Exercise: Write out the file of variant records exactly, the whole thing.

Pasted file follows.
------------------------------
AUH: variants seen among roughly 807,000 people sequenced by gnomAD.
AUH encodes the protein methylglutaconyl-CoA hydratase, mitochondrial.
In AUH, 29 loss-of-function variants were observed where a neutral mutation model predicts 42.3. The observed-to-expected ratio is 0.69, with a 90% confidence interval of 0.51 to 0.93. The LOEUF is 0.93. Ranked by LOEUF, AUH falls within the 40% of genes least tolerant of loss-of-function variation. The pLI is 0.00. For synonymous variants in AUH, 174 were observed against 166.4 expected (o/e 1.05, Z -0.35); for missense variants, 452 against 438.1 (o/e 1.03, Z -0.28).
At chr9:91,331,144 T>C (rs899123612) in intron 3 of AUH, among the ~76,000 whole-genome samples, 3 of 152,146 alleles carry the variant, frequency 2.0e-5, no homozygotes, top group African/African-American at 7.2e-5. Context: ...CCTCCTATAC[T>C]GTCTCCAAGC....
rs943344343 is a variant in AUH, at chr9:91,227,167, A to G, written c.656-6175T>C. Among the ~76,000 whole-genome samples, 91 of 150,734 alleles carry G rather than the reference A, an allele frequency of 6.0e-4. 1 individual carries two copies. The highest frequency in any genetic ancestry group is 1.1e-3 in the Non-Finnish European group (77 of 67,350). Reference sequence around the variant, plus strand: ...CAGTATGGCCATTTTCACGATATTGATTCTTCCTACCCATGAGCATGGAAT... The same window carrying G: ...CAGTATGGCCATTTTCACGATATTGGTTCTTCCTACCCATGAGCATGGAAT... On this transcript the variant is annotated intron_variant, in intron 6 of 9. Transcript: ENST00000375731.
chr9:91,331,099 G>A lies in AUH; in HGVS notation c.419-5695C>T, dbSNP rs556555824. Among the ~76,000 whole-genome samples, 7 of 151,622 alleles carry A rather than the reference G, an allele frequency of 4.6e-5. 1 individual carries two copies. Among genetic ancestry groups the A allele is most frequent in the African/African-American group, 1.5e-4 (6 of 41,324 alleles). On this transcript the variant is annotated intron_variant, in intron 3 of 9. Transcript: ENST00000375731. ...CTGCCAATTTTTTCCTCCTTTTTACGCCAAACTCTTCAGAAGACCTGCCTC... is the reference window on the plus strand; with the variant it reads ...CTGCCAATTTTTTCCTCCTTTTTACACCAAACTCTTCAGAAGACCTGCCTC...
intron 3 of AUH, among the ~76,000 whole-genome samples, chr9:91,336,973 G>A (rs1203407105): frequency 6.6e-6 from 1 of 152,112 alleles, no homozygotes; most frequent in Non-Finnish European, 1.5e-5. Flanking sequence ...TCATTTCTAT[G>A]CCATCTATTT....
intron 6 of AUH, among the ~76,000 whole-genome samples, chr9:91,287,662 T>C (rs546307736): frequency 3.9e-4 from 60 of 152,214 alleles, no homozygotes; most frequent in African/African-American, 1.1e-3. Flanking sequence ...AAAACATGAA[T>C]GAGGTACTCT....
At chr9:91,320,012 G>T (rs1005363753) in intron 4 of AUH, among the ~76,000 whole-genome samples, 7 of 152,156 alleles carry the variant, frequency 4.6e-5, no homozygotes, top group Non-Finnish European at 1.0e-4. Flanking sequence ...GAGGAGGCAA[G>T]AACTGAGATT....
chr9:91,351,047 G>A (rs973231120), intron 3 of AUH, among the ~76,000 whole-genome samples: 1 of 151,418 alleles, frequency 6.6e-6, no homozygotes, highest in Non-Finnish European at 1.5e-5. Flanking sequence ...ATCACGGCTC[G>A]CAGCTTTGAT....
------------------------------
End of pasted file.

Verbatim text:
AUH: variants seen among roughly 807,000 people sequenced by gnomAD.
AUH encodes the protein methylglutaconyl-CoA hydratase, mitochondrial.
In AUH, 29 loss-of-function variants were observed where a neutral mutation model predicts 42.3. The observed-to-expected ratio is 0.69, with a 90% confidence interval of 0.51 to 0.93. The LOEUF is 0.93. Ranked by LOEUF, AUH falls within the 40% of genes least tolerant of loss-of-function variation. The pLI is 0.00. For synonymous variants in AUH, 174 were observed against 166.4 expected (o/e 1.05, Z -0.35); for missense variants, 452 against 438.1 (o/e 1.03, Z -0.28).
At chr9:91,331,144 T>C (rs899123612) in intron 3 of AUH, among the ~76,000 whole-genome samples, 3 of 152,146 alleles carry the variant, frequency 2.0e-5, no homozygotes, top group African/African-American at 7.2e-5. Context: ...CCTCCTATAC[T>C]GTCTCCAAGC....
rs943344343 is a variant in AUH, at chr9:91,227,167, A to G, written c.656-6175T>C. Among the ~76,000 whole-genome samples, 91 of 150,734 alleles carry G rather than the reference A, an allele frequency of 6.0e-4. 1 individual carries two copies. The highest frequency in any genetic ancestry group is 1.1e-3 in the Non-Finnish European group (77 of 67,350). Reference sequence around the variant, plus strand: ...CAGTATGGCCATTTTCACGATATTGATTCTTCCTACCCATGAGCATGGAAT... The same window carrying G: ...CAGTATGGCCATTTTCACGATATTGGTTCTTCCTACCCATGAGCATGGAAT... On this transcript the variant is annotated intron_variant, in intron 6 of 9. Transcript: ENST00000375731.
chr9:91,331,099 G>A lies in AUH; in HGVS notation c.419-5695C>T, dbSNP rs556555824. Among the ~76,000 whole-genome samples, 7 of 151,622 alleles carry A rather than the reference G, an allele frequency of 4.6e-5. 1 individual carries two copies. Among genetic ancestry groups the A allele is most frequent in the African/African-American group, 1.5e-4 (6 of 41,324 alleles). On this transcript the variant is annotated intron_variant, in intron 3 of 9. Transcript: ENST00000375731. ...CTGCCAATTTTTTCCTCCTTTTTACGCCAAACTCTTCAGAAGACCTGCCTC... is the reference window on the plus strand; with the variant it reads ...CTGCCAATTTTTTCCTCCTTTTTACACCAAACTCTTCAGAAGACCTGCCTC...
intron 3 of AUH, among the ~76,000 whole-genome samples, chr9:91,336,973 G>A (rs1203407105): frequency 6.6e-6 from 1 of 152,112 alleles, no homozygotes; most frequent in Non-Finnish European, 1.5e-5. Flanking sequence ...TCATTTCTAT[G>A]CCATCTATTT....
intron 6 of AUH, among the ~76,000 whole-genome samples, chr9:91,287,662 T>C (rs546307736): frequency 3.9e-4 from 60 of 152,214 alleles, no homozygotes; most frequent in African/African-American, 1.1e-3. Flanking sequence ...AAAACATGAA[T>C]GAGGTACTCT....
At chr9:91,320,012 G>T (rs1005363753) in intron 4 of AUH, among the ~76,000 whole-genome samples, 7 of 152,156 alleles carry the variant, frequency 4.6e-5, no homozygotes, top group Non-Finnish European at 1.0e-4. Flanking sequence ...GAGGAGGCAA[G>T]AACTGAGATT....
chr9:91,351,047 G>A (rs973231120), intron 3 of AUH, among the ~76,000 whole-genome samples: 1 of 151,418 alleles, frequency 6.6e-6, no homozygotes, highest in Non-Finnish European at 1.5e-5. Flanking sequence ...ATCACGGCTC[G>A]CAGCTTTGAT....